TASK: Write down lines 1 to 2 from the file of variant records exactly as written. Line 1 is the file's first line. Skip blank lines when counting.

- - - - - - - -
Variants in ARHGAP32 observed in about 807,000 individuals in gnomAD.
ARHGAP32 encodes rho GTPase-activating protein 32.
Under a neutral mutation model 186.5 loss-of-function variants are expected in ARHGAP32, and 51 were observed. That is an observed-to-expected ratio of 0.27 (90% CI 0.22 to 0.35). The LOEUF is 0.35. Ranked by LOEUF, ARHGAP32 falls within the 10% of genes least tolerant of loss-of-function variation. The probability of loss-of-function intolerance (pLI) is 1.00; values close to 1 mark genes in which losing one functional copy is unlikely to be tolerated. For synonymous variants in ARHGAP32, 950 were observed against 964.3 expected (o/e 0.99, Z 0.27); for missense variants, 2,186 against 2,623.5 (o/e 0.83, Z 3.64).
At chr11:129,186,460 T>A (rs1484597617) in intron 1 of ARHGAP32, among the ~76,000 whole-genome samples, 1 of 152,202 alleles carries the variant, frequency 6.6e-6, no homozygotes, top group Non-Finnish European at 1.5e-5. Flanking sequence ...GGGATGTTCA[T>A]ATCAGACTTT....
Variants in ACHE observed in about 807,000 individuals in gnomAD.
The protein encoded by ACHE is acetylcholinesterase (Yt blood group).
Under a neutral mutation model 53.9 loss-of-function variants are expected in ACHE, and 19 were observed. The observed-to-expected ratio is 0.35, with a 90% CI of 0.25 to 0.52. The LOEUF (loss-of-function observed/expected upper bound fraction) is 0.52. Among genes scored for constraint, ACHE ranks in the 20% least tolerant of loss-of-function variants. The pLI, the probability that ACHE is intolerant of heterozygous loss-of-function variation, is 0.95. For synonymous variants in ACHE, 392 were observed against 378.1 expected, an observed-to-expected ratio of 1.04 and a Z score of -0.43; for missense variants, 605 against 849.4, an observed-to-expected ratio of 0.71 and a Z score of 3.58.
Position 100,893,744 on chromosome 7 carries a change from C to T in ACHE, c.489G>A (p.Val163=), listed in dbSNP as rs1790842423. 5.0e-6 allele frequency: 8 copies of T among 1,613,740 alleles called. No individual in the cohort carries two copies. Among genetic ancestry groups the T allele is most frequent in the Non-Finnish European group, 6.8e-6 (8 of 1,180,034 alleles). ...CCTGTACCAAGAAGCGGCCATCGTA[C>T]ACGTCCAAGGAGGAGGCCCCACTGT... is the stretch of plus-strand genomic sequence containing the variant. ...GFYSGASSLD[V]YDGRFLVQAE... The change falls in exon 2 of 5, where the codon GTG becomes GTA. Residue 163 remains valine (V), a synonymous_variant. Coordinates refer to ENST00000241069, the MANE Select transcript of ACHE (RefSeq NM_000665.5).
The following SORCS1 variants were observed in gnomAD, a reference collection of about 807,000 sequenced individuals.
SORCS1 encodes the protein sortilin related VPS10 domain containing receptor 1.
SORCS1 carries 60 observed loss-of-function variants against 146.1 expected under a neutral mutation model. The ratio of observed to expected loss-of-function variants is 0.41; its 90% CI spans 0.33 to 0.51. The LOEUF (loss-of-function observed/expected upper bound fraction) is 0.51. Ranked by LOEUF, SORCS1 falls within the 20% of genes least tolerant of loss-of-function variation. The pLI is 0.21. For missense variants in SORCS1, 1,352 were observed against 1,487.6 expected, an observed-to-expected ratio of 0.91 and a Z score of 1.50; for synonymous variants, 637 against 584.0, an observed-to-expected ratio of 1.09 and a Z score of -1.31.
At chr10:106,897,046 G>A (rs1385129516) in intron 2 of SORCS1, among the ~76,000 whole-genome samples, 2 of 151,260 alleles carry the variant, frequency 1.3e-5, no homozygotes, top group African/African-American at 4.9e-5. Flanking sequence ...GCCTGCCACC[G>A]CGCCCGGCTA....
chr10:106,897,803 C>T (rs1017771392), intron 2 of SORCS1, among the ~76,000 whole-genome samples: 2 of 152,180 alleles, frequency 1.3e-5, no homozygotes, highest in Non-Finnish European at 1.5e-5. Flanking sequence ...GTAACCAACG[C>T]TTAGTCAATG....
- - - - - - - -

Variants in ARHGAP32 observed in about 807,000 individuals in gnomAD.
ARHGAP32 encodes rho GTPase-activating protein 32.